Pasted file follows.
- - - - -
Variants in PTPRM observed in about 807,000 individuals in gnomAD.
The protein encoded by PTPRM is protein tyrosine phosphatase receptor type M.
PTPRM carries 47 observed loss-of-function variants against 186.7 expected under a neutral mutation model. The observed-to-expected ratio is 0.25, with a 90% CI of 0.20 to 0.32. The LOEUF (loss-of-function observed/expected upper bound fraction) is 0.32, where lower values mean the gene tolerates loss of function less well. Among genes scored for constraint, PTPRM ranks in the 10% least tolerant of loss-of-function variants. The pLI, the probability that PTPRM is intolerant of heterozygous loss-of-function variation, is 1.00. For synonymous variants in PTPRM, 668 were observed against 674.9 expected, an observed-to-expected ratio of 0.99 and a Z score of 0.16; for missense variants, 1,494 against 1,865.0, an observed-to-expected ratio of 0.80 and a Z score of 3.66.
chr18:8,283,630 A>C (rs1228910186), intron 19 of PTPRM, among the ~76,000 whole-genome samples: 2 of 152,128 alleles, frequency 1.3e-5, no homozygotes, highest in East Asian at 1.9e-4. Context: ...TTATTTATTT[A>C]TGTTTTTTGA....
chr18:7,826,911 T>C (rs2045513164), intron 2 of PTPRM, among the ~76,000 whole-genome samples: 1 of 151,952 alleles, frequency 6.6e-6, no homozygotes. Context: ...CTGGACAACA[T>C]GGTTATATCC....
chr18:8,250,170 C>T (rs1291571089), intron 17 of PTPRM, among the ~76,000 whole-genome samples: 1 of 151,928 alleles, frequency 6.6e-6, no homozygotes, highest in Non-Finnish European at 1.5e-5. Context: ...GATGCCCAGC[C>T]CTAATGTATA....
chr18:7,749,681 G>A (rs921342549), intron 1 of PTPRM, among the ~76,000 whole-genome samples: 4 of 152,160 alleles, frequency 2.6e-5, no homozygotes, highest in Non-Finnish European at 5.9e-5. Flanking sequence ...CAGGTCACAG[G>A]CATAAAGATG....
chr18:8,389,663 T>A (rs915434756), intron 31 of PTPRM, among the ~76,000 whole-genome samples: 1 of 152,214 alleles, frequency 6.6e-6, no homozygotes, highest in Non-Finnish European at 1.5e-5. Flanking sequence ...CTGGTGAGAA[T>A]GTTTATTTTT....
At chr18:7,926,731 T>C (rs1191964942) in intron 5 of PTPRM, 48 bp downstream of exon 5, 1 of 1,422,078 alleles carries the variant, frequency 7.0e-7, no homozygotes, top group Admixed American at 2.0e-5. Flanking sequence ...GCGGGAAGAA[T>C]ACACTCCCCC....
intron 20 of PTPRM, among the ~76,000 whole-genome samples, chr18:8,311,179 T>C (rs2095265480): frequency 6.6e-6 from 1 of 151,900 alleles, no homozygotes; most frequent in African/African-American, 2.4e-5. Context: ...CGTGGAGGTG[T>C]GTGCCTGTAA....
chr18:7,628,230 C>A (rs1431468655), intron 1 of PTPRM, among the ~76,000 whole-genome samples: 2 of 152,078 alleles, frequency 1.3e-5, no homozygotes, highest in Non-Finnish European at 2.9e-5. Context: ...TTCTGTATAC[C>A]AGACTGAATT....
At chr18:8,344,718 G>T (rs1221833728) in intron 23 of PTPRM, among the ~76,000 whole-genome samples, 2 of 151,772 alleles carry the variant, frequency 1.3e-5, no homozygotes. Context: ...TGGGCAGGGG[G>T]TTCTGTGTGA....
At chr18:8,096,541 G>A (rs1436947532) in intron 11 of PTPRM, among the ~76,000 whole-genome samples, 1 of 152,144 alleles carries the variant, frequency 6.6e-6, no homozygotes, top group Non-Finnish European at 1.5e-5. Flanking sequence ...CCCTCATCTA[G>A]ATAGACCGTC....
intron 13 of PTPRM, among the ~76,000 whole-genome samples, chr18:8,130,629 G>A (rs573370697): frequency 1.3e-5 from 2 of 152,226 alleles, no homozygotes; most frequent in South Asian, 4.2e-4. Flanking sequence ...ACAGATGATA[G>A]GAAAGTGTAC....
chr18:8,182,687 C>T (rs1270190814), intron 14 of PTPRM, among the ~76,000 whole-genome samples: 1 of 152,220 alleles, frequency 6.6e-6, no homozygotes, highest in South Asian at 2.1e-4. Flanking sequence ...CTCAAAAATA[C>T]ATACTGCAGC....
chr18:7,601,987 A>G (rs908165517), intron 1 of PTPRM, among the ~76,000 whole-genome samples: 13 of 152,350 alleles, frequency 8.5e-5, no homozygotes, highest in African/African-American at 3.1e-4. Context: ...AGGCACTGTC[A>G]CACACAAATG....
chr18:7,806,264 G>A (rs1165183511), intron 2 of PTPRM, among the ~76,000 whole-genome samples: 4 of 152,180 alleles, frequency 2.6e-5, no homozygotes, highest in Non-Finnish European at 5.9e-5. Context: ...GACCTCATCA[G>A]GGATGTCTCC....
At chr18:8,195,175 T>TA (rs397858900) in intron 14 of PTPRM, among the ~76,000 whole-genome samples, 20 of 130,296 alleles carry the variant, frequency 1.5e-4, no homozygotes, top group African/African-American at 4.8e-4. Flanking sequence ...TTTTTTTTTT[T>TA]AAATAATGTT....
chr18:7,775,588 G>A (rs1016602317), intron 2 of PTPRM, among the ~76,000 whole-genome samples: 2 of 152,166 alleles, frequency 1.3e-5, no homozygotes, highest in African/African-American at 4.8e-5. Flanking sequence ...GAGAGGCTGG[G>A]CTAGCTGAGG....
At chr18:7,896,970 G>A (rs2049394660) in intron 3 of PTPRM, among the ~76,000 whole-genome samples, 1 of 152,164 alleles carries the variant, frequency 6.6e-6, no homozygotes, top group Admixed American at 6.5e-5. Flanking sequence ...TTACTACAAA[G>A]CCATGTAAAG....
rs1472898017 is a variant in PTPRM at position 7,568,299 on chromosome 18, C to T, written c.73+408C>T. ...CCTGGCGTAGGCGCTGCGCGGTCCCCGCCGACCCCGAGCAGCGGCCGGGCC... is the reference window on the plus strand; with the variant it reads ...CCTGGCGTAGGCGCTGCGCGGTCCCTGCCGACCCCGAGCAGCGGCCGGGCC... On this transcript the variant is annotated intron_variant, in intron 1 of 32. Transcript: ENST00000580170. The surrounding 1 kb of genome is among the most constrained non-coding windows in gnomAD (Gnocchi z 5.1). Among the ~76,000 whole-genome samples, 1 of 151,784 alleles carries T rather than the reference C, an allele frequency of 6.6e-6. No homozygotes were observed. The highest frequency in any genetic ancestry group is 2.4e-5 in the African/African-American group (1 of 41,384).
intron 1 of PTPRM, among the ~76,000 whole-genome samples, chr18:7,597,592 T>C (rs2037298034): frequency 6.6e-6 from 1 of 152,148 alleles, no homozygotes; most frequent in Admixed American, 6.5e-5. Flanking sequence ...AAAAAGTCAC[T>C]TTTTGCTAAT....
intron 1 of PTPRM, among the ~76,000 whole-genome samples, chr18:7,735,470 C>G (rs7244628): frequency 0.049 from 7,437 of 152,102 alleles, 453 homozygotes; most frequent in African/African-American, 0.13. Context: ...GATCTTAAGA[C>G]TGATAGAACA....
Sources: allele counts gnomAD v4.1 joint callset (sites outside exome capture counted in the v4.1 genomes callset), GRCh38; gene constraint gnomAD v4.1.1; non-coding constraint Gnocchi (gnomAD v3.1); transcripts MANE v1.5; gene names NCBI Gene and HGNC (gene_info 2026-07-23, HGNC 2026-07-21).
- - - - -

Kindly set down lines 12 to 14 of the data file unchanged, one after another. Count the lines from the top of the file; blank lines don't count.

At chr18:8,344,718 G>T (rs1221833728) in intron 23 of PTPRM, among the ~76,000 whole-genome samples, 2 of 151,772 alleles carry the variant, frequency 1.3e-5, no homozygotes. Context: ...TGGGCAGGGG[G>T]TTCTGTGTGA....
At chr18:8,096,541 G>A (rs1436947532) in intron 11 of PTPRM, among the ~76,000 whole-genome samples, 1 of 152,144 alleles carries the variant, frequency 6.6e-6, no homozygotes, top group Non-Finnish European at 1.5e-5. Flanking sequence ...CCCTCATCTA[G>A]ATAGACCGTC....
intron 13 of PTPRM, among the ~76,000 whole-genome samples, chr18:8,130,629 G>A (rs573370697): frequency 1.3e-5 from 2 of 152,226 alleles, no homozygotes; most frequent in South Asian, 4.2e-4. Flanking sequence ...ACAGATGATA[G>A]GAAAGTGTAC....